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Want to pay off your debt and save more money in 2017? You’re not alone! According to one survey of Google search data, searches for “Spend Less/Save More” were up 17.47% from 2016. Want to achieve your get-out-of-debt goal? If so, we recommend trying one of the five strategies here.

1. The Debt Snowball

This debt-payoff method, made famous by financial guru Dave Ramsey, has you pay off your smallest debts first. The idea behind the debt snowball is that you get a quick psychological boost from paying off some small debts from the get-go. This gives you the mental momentum to keep going when paying off debt.

To start a debt snowball, list your debts in order from smallest to largest. Use any extra money to pay off the smallest balance while you make minimum payments on your other debts. When your smallest debt is paid off, snowball that debt’s minimum payment, plus your extra cash towards paying off the next debt. By the time you get to the largest debt, you’ll be throwing a lot of money at it each month. (You can see how your debt is affecting your credit by viewing two of your credit scores, with updates every 14 days, on Credit.com.)

2. The Debt Avalanche

This is similar to the debt snowball in that you pay off one debt at a time. But it’s actually the more economical method of paying off debt. Instead of paying off smaller balances first, the debt avalanche has you start by paying off the debts with the largest interest rate.

The debt avalanche is a smart method if you already have the determination to make it through a long debt payoff process without the boost of paying off a few smaller debts early on. It can get you out of debt faster since you’ll stop accumulating interest on high-interest debts much more quickly.

3. The Debt Snowflake

This is a method that can be combined with one of the above options or used to pay off debt in any order you choose. The idea here is that you find small ways to save a few bucks, and then transfer that money saved toward debt payments.

With the debt snowflake method, you’ll need to be exceptionally aware of your spending patterns. For instance, if you normally spend $10 on a lunch out at work, but pack your lunch one day, you could save $5. That $5 is a snowflake that can then go toward paying off debt.

The key to debt snowflakes is to make sure they don’t “melt.” Get into the habit of transferring “snowflake” money to debt accounts immediately, or at least on a weekly basis. Otherwise, you run the risk of that hard-saved cash being used for other purposes.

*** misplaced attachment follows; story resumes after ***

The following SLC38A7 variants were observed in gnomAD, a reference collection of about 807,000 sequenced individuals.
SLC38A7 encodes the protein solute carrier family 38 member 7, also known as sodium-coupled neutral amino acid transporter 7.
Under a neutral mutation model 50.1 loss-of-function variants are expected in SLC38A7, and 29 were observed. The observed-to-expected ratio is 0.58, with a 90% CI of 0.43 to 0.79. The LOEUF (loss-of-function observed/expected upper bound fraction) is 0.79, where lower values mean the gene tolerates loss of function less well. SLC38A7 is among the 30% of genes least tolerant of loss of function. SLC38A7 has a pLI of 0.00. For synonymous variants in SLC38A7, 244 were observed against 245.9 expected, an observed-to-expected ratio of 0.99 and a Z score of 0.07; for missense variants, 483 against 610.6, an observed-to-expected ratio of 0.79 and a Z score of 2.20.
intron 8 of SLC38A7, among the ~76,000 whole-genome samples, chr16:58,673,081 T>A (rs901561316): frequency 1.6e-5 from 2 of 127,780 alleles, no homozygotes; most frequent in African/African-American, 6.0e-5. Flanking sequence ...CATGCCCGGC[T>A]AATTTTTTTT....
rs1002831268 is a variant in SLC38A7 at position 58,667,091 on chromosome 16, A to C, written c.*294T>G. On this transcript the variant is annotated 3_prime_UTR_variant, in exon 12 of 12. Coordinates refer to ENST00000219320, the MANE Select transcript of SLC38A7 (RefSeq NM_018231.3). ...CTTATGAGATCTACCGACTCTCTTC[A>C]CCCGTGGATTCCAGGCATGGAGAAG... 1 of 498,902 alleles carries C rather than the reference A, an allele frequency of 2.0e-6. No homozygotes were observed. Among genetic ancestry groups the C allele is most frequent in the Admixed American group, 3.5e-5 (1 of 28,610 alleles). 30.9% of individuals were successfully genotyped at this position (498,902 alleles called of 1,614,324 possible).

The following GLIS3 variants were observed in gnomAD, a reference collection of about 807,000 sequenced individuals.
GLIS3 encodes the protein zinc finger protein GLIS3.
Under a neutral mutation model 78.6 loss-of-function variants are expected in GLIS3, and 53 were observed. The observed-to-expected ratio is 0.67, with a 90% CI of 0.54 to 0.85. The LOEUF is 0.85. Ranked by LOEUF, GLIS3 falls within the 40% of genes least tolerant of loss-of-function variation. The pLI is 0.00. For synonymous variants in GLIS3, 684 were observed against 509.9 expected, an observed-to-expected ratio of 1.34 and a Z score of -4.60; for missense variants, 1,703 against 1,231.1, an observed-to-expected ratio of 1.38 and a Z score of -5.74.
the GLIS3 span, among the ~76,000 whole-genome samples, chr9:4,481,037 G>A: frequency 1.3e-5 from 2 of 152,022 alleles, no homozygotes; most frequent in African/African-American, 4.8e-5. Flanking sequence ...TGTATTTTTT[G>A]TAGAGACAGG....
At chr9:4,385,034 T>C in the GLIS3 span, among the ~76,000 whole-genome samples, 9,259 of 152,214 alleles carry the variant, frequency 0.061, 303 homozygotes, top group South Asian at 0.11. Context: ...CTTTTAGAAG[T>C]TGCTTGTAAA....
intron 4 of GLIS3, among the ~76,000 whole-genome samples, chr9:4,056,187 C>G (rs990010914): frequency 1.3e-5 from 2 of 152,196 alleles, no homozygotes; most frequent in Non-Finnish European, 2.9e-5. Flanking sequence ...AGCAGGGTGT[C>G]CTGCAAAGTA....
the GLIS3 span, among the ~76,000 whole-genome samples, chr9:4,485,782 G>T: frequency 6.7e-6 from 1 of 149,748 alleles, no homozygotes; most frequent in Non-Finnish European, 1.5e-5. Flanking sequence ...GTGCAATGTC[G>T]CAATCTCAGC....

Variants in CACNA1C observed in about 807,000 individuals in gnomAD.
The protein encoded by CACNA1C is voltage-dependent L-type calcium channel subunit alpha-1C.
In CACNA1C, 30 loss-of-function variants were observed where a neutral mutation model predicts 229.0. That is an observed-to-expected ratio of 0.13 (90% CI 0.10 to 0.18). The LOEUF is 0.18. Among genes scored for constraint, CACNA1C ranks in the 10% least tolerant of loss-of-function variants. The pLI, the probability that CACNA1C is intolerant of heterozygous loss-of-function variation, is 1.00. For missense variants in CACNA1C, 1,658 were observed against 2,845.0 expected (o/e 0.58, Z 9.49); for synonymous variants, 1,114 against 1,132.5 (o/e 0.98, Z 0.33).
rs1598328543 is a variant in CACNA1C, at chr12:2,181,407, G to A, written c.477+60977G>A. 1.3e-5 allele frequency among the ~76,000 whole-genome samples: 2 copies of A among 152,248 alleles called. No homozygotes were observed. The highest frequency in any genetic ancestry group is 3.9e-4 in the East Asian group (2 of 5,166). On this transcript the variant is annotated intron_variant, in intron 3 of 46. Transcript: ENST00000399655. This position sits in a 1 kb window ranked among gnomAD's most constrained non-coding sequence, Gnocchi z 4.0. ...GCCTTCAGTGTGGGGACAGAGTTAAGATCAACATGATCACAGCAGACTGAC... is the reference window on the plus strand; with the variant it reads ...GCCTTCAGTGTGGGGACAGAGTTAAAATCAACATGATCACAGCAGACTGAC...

4. The Credit Card Transfer

If much of your debt is in the form of high-interest credit card balances, consider using balance transfer offers to pay off that debt more quickly. Since credit cards often have interest exceeding 15%, it’s not unusual for most of your minimum payment to go toward interest, even on a relatively small balance. If you can transfer that balance to a card with a 0% introductory annual percentage rate, you can put more money toward the principal balance each month, paying off your debts more quickly.

Be careful, though, to read all the terms of a credit card balance transfer. Most cards charge a fee for the balance transfer. If you’ll pay off the card’s balance quickly, the transfer may actually cost more than it saves. You can find more info on some of the better balance transfer credit cards here.

5. The Half Payment Method

What if you’re on such a tight budget that you can’t even squeak out some extra dollars to start on a debt snowball or avalanche? One option is to start making half of your minimum payment every two weeks. Bi-weekly payments, which may fall when you get a paycheck, can save you money over time on debts that are compounded daily or monthly based on the average balance.

The reasoning behind biweekly payments is somewhat complex. But, essentially, paying more often allows less interest to accrue between payments, which means more of your payment goes toward the principal. Plus, if you make a half payment every two weeks, you’ll actually have made a whole extra minimum payment by the end of the year!

Half payments can help even out your bank account balance and can help bring down your debt balances more quickly. Combining the bi-weekly payment method with another method for applying any extra cash you scrape together toward one debt at a time could be a powerful option for meeting your financial resolution this year.

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